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When Jennifer Lim is described as a community builder, it’s literal. On the job as a planner with the City of Selkirk, Manitoba, and in her spare time as an organizer with the Seven Oaks Residents Association, the CUPE 336 president is focused on building caring, connected neighbourhoods that work.

A professional landscape architect and community planner with the city, Lim reviews and advises on new subdivision development.  She also oversees bylaw enforcement.

It was fielding complaints about bylaw infractions that inspired her to start the Seven Oaks Residents Association (SORA).

Being the planner who deals with enforcement issues, I was overwhelmed with complaints from one neighbour to another. From my perspective, I perceive a world that is becoming ever-more litigious and unwilling to resolve things through community outreach,” says Lim.

Instead, many residents turn to government agencies and lawyers, not only to determine their rights as landowners, but to enforce compliance on their neighbours.  While knowing your rights and having supports is very important and potentially necessary, I’m concerned people have forgotten how to talk to one another. They’ve forgotten how to care for one another.”

Lim says the aim of the Seven Oaks Residents Association is to bring people together and build good will and good feelings in the neighbourhood. It’s also about lending a helping hand when it’s needed – something Lim is especially proud of.

If someone needs milk or a walk shoveled or their grass mowed because they are unable, there are volunteers in the community ready to help a neighbour in need. Residents who need a hand can call the SORA. We then search our list and find a suitable match.”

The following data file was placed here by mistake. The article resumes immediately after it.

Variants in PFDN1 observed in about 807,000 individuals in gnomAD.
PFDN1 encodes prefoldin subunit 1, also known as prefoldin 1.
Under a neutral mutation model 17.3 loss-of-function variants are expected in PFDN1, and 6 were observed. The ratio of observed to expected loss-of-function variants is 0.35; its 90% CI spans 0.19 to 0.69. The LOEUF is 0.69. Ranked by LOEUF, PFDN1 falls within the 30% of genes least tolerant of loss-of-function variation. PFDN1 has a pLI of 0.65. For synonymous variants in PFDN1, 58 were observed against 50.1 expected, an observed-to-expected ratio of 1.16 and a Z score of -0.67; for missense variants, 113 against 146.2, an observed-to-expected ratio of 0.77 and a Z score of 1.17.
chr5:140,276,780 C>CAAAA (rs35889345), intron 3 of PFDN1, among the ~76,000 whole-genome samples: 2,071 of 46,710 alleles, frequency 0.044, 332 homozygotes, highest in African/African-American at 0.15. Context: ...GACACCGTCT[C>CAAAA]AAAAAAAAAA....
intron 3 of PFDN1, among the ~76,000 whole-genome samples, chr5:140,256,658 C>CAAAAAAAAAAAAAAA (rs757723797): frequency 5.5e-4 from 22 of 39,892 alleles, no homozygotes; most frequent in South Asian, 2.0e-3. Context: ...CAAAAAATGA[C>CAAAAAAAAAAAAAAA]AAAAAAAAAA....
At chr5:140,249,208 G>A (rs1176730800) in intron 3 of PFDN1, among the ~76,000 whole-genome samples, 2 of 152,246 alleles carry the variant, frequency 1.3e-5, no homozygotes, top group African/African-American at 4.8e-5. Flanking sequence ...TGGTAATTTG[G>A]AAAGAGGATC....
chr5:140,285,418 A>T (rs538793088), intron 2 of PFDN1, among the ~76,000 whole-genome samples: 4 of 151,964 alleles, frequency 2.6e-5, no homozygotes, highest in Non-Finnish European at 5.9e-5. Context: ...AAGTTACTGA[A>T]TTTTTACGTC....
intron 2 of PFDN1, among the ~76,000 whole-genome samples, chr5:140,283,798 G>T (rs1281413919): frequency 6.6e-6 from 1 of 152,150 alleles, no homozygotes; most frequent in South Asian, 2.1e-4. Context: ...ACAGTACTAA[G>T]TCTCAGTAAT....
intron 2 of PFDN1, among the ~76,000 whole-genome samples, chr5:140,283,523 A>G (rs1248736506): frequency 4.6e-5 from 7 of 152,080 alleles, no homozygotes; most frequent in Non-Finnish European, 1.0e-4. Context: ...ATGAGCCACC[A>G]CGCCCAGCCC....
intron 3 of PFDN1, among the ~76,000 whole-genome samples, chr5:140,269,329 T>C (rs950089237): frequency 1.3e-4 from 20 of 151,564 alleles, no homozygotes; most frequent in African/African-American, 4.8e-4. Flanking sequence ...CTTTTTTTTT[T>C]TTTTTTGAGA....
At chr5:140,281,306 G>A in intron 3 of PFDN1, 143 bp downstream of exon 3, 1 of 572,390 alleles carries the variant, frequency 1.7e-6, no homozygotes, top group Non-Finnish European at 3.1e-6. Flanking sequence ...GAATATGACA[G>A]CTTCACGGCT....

It’s a solution that eliminates complaints about unkempt yards, while providing much-needed support.

This way, instead of pointing at someone as being a problem neighbour, we can be the help they need for as long as they need it,” says Lim.

Provincial MLA Gord Mackintosh has been a strong supporter of the SORA from the start. His office helps organize “Citizens on Patrol” walks with SORA and other associations that Lim says help build community confidence and dispel myths about the neighbourhood.

As one example, she says neighbourhood children are shuttled to a wealthier neighborhood to play sports. This action led to the closure of the local community club, which in turn meant fewer well-paying community jobs, and homes falling into disrepair.

The run-down appearance of the neighborhood lowered property values, diminished community pride, and the residents stopped walking the streets to look at the yards. Less people in the streets left the neighborhood open to vandalism and theft, perpetuating the problem of fear and neglect,” says Lim.

Through community walks and help with upkeep, Lim says SORA can help challenge assumptions about poverty and crime. The association also works to build neighbourhood pride through awards for great gardens and community upkeep.

Lim has been working with the Selkirk and District Planning Area since 2003. She’s been involved with her local for over four years, and is now the president. She is also chair of CUPE Manitoba’s Manitoba Municipal Employees Steering Committee.

She feels a great sense of accomplishment with the association she’s helping build.

Aside from some amazing karma, I believe that SORA is an avenue for neighbours to be better neighbours.…It doesn’t cost a thing to say hello – but it could cost everything not to,” says Lim.

On June 23, CUPE relaunched Communities Day. It’s an annual celebration of public services and the people who deliver them.


This year has a special focus on CUPE members as community builders. We’ll be profiling the vital role members play — on the job and in their spare time—building strong communities. Get involved in Communities Day by visiting cupe.ca/communities.

Jennifer is the tenth member we’ve profiled as a Community Builder! As previously mentioned, a CUPE sweatshirt will be sent to the first ten members who are profiled.